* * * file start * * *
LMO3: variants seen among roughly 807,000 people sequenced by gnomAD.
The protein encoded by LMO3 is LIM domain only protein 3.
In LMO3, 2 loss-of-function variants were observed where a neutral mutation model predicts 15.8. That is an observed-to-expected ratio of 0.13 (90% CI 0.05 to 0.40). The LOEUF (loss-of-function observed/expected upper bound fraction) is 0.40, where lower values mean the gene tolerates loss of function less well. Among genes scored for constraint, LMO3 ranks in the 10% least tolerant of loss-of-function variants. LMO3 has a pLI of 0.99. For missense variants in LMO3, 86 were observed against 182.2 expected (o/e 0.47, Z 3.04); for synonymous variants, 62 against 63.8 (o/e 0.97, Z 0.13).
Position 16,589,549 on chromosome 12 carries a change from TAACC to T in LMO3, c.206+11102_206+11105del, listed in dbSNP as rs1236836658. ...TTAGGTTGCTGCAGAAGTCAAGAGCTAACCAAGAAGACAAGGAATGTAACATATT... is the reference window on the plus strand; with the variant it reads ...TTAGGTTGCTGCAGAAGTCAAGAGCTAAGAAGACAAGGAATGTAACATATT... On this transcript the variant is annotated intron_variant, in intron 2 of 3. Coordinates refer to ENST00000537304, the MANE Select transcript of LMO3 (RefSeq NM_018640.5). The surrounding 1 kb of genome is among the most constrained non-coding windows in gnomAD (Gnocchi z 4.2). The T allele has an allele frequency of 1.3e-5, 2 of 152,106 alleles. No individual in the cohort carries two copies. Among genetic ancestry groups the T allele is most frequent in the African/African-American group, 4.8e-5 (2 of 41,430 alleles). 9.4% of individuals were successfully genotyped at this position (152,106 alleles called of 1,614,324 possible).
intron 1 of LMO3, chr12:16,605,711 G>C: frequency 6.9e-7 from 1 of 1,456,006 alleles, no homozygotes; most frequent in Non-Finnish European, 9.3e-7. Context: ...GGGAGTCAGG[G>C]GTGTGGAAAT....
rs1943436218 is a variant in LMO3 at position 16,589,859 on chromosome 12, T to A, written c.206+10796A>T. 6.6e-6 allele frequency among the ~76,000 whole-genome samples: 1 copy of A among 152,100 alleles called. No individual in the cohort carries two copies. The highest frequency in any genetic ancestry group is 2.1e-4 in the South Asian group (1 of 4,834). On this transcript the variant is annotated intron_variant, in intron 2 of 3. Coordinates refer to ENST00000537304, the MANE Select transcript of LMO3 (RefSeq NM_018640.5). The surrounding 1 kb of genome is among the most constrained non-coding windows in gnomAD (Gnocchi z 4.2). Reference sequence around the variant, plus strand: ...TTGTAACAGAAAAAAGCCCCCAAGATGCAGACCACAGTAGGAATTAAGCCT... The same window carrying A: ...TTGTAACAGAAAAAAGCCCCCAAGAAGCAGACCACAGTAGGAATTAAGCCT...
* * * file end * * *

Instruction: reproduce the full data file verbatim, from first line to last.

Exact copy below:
LMO3: variants seen among roughly 807,000 people sequenced by gnomAD.
The protein encoded by LMO3 is LIM domain only protein 3.
In LMO3, 2 loss-of-function variants were observed where a neutral mutation model predicts 15.8. That is an observed-to-expected ratio of 0.13 (90% CI 0.05 to 0.40). The LOEUF (loss-of-function observed/expected upper bound fraction) is 0.40, where lower values mean the gene tolerates loss of function less well. Among genes scored for constraint, LMO3 ranks in the 10% least tolerant of loss-of-function variants. LMO3 has a pLI of 0.99. For missense variants in LMO3, 86 were observed against 182.2 expected (o/e 0.47, Z 3.04); for synonymous variants, 62 against 63.8 (o/e 0.97, Z 0.13).
Position 16,589,549 on chromosome 12 carries a change from TAACC to T in LMO3, c.206+11102_206+11105del, listed in dbSNP as rs1236836658. ...TTAGGTTGCTGCAGAAGTCAAGAGCTAACCAAGAAGACAAGGAATGTAACATATT... is the reference window on the plus strand; with the variant it reads ...TTAGGTTGCTGCAGAAGTCAAGAGCTAAGAAGACAAGGAATGTAACATATT... On this transcript the variant is annotated intron_variant, in intron 2 of 3. Coordinates refer to ENST00000537304, the MANE Select transcript of LMO3 (RefSeq NM_018640.5). The surrounding 1 kb of genome is among the most constrained non-coding windows in gnomAD (Gnocchi z 4.2). The T allele has an allele frequency of 1.3e-5, 2 of 152,106 alleles. No individual in the cohort carries two copies. Among genetic ancestry groups the T allele is most frequent in the African/African-American group, 4.8e-5 (2 of 41,430 alleles). 9.4% of individuals were successfully genotyped at this position (152,106 alleles called of 1,614,324 possible).
intron 1 of LMO3, chr12:16,605,711 G>C: frequency 6.9e-7 from 1 of 1,456,006 alleles, no homozygotes; most frequent in Non-Finnish European, 9.3e-7. Context: ...GGGAGTCAGG[G>C]GTGTGGAAAT....
rs1943436218 is a variant in LMO3 at position 16,589,859 on chromosome 12, T to A, written c.206+10796A>T. 6.6e-6 allele frequency among the ~76,000 whole-genome samples: 1 copy of A among 152,100 alleles called. No individual in the cohort carries two copies. The highest frequency in any genetic ancestry group is 2.1e-4 in the South Asian group (1 of 4,834). On this transcript the variant is annotated intron_variant, in intron 2 of 3. Coordinates refer to ENST00000537304, the MANE Select transcript of LMO3 (RefSeq NM_018640.5). The surrounding 1 kb of genome is among the most constrained non-coding windows in gnomAD (Gnocchi z 4.2). Reference sequence around the variant, plus strand: ...TTGTAACAGAAAAAAGCCCCCAAGATGCAGACCACAGTAGGAATTAAGCCT... The same window carrying A: ...TTGTAACAGAAAAAAGCCCCCAAGAAGCAGACCACAGTAGGAATTAAGCCT...